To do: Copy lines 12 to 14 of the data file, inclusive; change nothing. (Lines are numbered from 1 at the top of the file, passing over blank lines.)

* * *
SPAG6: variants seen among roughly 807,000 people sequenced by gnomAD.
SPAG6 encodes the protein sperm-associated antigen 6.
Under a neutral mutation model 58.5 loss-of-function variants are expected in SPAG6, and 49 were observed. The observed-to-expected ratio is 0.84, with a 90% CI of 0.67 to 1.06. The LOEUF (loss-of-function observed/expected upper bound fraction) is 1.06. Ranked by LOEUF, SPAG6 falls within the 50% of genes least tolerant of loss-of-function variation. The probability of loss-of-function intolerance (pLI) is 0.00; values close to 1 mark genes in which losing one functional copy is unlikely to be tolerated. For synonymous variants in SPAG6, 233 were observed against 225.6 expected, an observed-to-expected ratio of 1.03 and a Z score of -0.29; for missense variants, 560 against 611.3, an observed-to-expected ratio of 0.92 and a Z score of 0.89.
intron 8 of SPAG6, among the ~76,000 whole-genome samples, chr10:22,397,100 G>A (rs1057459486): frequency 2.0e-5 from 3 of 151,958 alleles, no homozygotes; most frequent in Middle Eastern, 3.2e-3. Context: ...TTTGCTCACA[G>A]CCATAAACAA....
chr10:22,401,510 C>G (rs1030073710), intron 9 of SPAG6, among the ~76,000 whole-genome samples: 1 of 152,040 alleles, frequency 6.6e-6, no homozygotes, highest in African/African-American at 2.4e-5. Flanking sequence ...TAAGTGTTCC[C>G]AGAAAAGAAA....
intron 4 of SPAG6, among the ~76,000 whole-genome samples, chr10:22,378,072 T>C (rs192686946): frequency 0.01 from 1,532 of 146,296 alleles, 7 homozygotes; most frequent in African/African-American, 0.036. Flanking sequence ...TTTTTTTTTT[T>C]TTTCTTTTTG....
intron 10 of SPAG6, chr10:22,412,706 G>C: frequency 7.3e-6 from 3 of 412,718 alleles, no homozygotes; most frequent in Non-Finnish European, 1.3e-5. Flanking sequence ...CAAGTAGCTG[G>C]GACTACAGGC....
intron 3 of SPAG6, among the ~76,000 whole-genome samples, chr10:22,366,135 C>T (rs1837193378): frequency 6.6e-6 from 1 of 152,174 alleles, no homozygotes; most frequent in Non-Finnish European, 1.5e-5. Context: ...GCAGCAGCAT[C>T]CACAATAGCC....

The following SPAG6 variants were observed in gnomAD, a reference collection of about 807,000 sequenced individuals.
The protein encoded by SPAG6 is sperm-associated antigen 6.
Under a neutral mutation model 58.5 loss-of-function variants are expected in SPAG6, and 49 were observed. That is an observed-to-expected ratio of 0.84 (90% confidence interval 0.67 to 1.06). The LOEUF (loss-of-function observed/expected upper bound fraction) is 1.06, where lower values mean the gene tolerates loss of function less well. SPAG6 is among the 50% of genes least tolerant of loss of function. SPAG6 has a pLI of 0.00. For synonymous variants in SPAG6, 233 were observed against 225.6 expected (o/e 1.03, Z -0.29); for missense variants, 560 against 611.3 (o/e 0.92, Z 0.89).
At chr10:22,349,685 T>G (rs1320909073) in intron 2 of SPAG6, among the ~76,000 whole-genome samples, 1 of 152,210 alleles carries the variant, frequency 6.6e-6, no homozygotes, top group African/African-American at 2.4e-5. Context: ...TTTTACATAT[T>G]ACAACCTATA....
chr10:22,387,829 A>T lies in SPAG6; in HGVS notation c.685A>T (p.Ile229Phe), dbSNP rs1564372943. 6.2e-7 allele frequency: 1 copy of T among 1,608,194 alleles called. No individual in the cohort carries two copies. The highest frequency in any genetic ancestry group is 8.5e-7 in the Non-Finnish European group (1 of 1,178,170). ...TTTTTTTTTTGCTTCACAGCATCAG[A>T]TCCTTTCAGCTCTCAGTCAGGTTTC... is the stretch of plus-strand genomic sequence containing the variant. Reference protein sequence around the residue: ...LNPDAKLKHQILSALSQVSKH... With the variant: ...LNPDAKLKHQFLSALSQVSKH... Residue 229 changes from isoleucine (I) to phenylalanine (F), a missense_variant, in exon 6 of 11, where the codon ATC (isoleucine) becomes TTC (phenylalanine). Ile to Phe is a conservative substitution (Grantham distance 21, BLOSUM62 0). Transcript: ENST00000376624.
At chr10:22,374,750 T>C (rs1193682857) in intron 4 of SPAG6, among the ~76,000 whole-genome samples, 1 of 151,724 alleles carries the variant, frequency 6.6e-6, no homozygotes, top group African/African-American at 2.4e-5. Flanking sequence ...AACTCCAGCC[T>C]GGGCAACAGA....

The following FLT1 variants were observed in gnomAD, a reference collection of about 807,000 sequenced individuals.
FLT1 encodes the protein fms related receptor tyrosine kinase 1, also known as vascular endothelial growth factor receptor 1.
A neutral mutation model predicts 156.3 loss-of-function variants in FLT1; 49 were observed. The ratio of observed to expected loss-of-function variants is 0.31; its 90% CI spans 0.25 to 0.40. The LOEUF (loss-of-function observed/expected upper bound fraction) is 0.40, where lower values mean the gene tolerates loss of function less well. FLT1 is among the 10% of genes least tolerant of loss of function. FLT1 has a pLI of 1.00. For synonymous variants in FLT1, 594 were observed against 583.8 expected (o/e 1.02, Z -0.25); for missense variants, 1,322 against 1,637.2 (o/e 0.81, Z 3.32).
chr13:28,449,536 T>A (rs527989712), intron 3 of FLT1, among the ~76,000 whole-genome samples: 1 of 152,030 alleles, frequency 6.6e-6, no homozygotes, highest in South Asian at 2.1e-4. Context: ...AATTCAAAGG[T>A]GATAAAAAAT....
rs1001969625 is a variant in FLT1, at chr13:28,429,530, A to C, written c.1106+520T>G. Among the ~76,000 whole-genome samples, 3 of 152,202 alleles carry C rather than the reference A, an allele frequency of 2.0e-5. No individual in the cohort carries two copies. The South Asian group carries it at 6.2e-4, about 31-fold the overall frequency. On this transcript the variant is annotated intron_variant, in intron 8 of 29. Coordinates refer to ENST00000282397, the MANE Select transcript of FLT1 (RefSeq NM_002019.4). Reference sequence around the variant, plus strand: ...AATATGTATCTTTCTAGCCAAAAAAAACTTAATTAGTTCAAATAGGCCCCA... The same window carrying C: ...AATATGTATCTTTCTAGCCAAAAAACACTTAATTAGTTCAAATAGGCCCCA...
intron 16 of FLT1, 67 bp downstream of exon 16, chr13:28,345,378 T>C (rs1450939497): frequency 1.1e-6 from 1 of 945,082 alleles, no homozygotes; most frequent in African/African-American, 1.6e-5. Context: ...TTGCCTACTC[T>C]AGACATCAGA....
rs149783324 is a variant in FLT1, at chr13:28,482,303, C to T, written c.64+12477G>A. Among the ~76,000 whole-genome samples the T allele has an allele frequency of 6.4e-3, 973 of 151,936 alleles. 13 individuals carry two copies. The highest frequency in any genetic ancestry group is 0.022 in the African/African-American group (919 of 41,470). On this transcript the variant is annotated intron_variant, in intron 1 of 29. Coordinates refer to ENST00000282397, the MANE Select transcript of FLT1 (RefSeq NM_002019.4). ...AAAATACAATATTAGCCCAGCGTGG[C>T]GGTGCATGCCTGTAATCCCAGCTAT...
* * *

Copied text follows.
At chr10:22,349,685 T>G (rs1320909073) in intron 2 of SPAG6, among the ~76,000 whole-genome samples, 1 of 152,210 alleles carries the variant, frequency 6.6e-6, no homozygotes, top group African/African-American at 2.4e-5. Context: ...TTTTACATAT[T>G]ACAACCTATA....
chr10:22,387,829 A>T lies in SPAG6; in HGVS notation c.685A>T (p.Ile229Phe), dbSNP rs1564372943. 6.2e-7 allele frequency: 1 copy of T among 1,608,194 alleles called. No individual in the cohort carries two copies. The highest frequency in any genetic ancestry group is 8.5e-7 in the Non-Finnish European group (1 of 1,178,170). ...TTTTTTTTTTGCTTCACAGCATCAG[A>T]TCCTTTCAGCTCTCAGTCAGGTTTC... is the stretch of plus-strand genomic sequence containing the variant. Reference protein sequence around the residue: ...LNPDAKLKHQILSALSQVSKH... With the variant: ...LNPDAKLKHQFLSALSQVSKH... Residue 229 changes from isoleucine (I) to phenylalanine (F), a missense_variant, in exon 6 of 11, where the codon ATC (isoleucine) becomes TTC (phenylalanine). Ile to Phe is a conservative substitution (Grantham distance 21, BLOSUM62 0). Transcript: ENST00000376624.
At chr10:22,374,750 T>C (rs1193682857) in intron 4 of SPAG6, among the ~76,000 whole-genome samples, 1 of 151,724 alleles carries the variant, frequency 6.6e-6, no homozygotes, top group African/African-American at 2.4e-5. Flanking sequence ...AACTCCAGCC[T>C]GGGCAACAGA....